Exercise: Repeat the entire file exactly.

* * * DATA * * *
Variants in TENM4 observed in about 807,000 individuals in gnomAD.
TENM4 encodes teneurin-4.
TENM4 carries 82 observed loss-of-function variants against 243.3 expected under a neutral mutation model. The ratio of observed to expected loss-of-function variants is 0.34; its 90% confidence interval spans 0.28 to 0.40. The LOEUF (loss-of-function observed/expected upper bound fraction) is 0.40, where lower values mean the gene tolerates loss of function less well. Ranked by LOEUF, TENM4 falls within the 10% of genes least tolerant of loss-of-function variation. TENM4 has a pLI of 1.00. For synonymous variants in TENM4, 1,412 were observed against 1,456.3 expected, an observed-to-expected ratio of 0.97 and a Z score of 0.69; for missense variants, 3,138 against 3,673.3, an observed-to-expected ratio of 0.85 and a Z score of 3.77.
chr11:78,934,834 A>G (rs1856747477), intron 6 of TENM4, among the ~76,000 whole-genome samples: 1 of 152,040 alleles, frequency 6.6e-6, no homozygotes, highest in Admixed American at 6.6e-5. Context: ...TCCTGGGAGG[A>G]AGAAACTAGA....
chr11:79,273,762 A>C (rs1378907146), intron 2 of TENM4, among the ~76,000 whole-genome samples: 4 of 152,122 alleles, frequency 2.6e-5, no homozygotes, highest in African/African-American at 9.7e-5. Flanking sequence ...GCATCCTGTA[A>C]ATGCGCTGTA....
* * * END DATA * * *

Variants in TENM4 observed in about 807,000 individuals in gnomAD.
TENM4 encodes teneurin-4.
TENM4 carries 82 observed loss-of-function variants against 243.3 expected under a neutral mutation model. The ratio of observed to expected loss-of-function variants is 0.34; its 90% confidence interval spans 0.28 to 0.40. The LOEUF (loss-of-function observed/expected upper bound fraction) is 0.40, where lower values mean the gene tolerates loss of function less well. Ranked by LOEUF, TENM4 falls within the 10% of genes least tolerant of loss-of-function variation. TENM4 has a pLI of 1.00. For synonymous variants in TENM4, 1,412 were observed against 1,456.3 expected, an observed-to-expected ratio of 0.97 and a Z score of 0.69; for missense variants, 3,138 against 3,673.3, an observed-to-expected ratio of 0.85 and a Z score of 3.77.
chr11:78,934,834 A>G (rs1856747477), intron 6 of TENM4, among the ~76,000 whole-genome samples: 1 of 152,040 alleles, frequency 6.6e-6, no homozygotes, highest in Admixed American at 6.6e-5. Context: ...TCCTGGGAGG[A>G]AGAAACTAGA....
chr11:79,273,762 A>C (rs1378907146), intron 2 of TENM4, among the ~76,000 whole-genome samples: 4 of 152,122 alleles, frequency 2.6e-5, no homozygotes, highest in African/African-American at 9.7e-5. Flanking sequence ...GCATCCTGTA[A>C]ATGCGCTGTA....